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An Open Letter to Canada (and Beyond)

One woman, 34 million strong. Don't give up on Sincy and the girls, Canada. Mark J. Rebilas-USA TODAY Sports
One woman, 34 million strong. Don't give up on Sincy and the girls, Canada. Mark J. Rebilas-USA TODAY Sports

Fellow Canadians,

I am sure most of you are with me in rejoicing over the Canadian women's soccer team's triumph; it's been a long time coming, and sweet vindication from the disaster that was just a year before. But as the Olympic flame in London slowly fades into our memories, I want you to remember a few things. Hear me well, for these are important messages that I would like you to take away.

To the fans who have joined us, thank you. Your support for the women's team has been unprecedented -- but we are going to need you to stick around for a little longer: we have a little thing called the World Cup in three years' time, and we'd love for you to stay tuned, and come to the games. They're going to be across the country (except for Toronto, who will be busy with some Pan American Games), and we're going to need people to take up those seats across the country. The more people in those seats cheering for Canada, and supporting the game, the better it will be.

To established fans, let's keep this going. Unlike the men's team, this women's team has shown us the way in how we can persevere. We now must DEMAND that the men start playing at the same level as the women; forget those who would waver in their decision to play for the maple leaf -- and for the women, every time they play, we must be ready to support them all the way. Criticize wrongs, but praise the rights. Just make sure that the women don't fade away from the Canadian psyche like the men did after winning the Gold Cup in 2000.

To the media, don't let up. We still need your attention to keep the women's team in the national limelight. Look at what additional coverage of women's hockey has done for that sport -- it's brought stars like Hayley Wickenheiser into the limelight. Christine Sinclair is waiting in the wings; she's already a hero to thousands of kids across the country, and with more media attention, her star power could inspire even more to greatness. The worst thing to do would be to just say, "congratulations on Bronze, now we've got bigger things to cover". That's the old way of thinking for any sport besides hockey; and we need to rip that out of our collective psyche.

To the young kids, don't give up. This win was the result of never giving on your hopes and dreams. The path to glory is always littered with roadblocks of all shapes and sizes; and to give up when the going got tough -- well, that's just not the Canadian way. Not according to the Canadian women's team. So what are you waiting for? You may not have won that competition today, or you might have felt like you were cheated by some referee who seems completely out of his/her range, but keep your chin up, and fight again. There was no quit in that team, and neither should there be in you -- no matter what you do.

To the decision makers, open your wallets and pay up. Most countries have proper, well funded training programs and centres available to their athletes. While we don't need to go to the same level as China, what the Australians have in their Institute of Sport would be excellent. Not only can we tie all sports into one training facility, but would pool resources between all the national federations. Not only that, but we will also need funding to get the women's teams on the best footing as possible, from now on to the end of time. Developing and fostering talent isn't cheap -- but we can't have our cake and eat it too; we can't try to scrimp and save, and then ask for miracles.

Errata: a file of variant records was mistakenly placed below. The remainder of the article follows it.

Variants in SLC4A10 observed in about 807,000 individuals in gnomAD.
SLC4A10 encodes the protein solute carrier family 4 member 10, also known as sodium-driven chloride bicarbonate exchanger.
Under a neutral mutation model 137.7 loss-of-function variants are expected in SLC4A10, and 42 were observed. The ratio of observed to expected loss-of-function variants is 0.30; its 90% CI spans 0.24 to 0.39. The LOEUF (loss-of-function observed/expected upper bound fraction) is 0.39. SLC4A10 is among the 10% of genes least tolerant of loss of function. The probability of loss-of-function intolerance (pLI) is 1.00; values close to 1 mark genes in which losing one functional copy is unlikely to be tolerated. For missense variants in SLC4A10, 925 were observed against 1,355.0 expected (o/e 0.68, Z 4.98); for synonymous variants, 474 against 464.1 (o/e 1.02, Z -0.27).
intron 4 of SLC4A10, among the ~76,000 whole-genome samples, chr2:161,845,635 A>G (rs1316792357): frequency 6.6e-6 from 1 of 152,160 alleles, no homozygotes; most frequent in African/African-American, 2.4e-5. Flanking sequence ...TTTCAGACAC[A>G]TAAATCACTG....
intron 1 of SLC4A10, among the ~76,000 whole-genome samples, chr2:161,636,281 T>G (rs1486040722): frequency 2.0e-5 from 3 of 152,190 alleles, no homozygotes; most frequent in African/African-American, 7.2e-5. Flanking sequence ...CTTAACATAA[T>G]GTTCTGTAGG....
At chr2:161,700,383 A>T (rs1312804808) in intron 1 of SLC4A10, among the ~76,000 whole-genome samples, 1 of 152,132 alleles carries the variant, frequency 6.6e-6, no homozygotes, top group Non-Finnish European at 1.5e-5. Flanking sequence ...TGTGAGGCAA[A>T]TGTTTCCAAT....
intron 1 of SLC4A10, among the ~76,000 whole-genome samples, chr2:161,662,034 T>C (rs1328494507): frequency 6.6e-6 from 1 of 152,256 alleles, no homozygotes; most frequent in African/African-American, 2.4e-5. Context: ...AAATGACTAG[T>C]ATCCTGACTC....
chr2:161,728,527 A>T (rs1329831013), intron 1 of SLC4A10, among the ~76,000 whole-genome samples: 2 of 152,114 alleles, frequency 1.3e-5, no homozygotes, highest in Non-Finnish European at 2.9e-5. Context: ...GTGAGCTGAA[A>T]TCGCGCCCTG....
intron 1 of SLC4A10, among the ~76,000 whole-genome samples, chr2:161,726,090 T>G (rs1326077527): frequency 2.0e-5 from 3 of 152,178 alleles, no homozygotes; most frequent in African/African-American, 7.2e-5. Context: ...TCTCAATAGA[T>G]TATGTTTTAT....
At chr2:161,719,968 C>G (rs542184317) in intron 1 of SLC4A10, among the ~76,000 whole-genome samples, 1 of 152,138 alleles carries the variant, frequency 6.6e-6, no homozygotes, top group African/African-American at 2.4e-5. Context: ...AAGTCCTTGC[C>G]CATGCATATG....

But for the near future, Canada needs to invest in the soccer -- both men's and women's. And what better way to start than to invest in the 2015 World Cup. For those cities who are hosting, improve your stadiums. For those who are not (like Calgary), get involved. Improve your facilities, make your cities attractive to the participating countries to have as their bases of operations, or at least host some warm up friendlies. There's no better way to inspire a new generation, than to have the current generation do so.

Get the women as much face time with the kids as possible: host games across the country (and even if it is just Toronto, make sure it gets prime TV coverage), bring in the quality opposition that's needed. And if it needs a bit of cash, then so be it: it will be all worth it in the end. It's certainly working for the United Kingdom (except for their soccer -- but that's a whole different story) and other countries, who are raking in the medals while we're in the middle or the back of the pack. We whine about being left behind -- it's time we put up the cash, or shut up.

To our American friends, congratulations on your gold medal -- but remember this: while we may forgive, we will not forget. It may not happen today, or tomorrow, or for years. But we will avenge Manchester.

These Olympics have been magical for me just on the bronze medal alone; seeing the women on the pitch at Wembley receiving their medals, and the flag rising to the rafters. These are memories that will last a lifetime, and I'm sure you are like me in wanting more. Yesterday is the start of a new era in Canadian soccer -- and it's every Canadian's duty to make sure that we can foster this golden age into even more memories that we can cherish forever.

Let's do our part, support the team, pressure local politicians, make our voices heard: the women's team are awesome, and they NEED to stay that way. Let's make sure they are able to take down and own international opposition for years to come.